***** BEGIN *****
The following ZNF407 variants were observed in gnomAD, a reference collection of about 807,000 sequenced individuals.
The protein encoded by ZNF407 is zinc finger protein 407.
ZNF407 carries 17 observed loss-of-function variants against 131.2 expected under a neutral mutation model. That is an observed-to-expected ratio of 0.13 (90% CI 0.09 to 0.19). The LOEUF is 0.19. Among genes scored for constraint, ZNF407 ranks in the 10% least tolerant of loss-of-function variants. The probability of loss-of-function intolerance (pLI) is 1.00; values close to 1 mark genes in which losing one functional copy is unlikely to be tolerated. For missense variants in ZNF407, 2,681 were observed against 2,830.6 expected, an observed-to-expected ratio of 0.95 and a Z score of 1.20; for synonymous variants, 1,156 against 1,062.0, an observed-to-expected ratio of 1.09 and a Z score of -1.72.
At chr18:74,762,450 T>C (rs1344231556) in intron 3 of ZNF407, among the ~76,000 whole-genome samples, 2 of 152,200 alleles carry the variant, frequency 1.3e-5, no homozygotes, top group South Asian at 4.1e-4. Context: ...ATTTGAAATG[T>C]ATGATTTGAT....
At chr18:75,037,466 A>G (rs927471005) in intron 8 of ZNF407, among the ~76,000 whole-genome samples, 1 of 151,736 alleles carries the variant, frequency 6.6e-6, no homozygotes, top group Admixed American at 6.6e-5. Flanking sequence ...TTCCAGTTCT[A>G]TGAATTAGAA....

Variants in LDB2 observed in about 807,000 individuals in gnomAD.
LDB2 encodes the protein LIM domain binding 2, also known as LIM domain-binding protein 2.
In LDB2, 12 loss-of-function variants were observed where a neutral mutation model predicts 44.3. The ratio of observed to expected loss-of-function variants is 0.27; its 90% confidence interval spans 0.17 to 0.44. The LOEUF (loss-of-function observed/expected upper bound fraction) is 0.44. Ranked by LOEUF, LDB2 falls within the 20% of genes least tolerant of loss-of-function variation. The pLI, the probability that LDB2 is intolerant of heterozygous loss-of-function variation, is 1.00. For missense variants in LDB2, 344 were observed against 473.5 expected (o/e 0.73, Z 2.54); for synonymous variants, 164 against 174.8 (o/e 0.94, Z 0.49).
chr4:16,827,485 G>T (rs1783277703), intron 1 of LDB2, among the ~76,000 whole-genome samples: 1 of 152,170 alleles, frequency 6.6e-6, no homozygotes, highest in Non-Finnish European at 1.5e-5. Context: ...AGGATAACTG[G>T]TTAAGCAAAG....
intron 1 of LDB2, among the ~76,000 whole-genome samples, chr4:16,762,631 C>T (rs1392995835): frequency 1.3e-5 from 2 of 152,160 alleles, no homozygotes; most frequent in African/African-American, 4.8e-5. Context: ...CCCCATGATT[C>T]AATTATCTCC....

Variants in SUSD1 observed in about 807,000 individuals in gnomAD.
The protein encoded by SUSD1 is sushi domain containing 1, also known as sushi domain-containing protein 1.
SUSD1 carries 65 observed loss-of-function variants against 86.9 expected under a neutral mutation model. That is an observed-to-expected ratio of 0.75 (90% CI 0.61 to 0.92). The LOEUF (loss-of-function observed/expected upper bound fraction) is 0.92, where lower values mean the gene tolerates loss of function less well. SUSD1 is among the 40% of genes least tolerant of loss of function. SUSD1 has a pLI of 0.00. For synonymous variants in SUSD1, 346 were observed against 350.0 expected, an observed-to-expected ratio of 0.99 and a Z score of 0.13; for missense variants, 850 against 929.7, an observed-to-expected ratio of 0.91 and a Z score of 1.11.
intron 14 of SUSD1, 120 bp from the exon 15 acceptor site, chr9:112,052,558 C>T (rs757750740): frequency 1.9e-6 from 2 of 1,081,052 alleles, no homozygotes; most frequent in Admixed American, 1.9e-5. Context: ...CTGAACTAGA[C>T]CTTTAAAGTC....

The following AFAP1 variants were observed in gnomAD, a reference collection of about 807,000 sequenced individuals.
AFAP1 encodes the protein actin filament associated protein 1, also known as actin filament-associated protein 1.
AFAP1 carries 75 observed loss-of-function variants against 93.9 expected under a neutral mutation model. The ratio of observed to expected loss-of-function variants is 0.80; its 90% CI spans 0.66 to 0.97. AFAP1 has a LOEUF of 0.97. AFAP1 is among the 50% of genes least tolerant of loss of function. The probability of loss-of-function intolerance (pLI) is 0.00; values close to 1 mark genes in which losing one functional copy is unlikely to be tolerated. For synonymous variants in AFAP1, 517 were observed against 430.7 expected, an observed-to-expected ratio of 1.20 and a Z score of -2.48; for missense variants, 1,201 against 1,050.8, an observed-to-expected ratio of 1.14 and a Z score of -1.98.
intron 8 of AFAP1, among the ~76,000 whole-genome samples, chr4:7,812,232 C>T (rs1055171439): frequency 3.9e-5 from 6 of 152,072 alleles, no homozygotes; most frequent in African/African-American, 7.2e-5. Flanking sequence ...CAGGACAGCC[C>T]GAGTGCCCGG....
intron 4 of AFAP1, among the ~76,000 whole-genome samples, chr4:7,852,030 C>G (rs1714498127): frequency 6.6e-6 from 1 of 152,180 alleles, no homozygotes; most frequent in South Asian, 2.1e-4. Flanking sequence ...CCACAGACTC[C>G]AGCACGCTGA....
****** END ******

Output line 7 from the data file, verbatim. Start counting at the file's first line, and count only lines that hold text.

LDB2 encodes the protein LIM domain binding 2, also known as LIM domain-binding protein 2.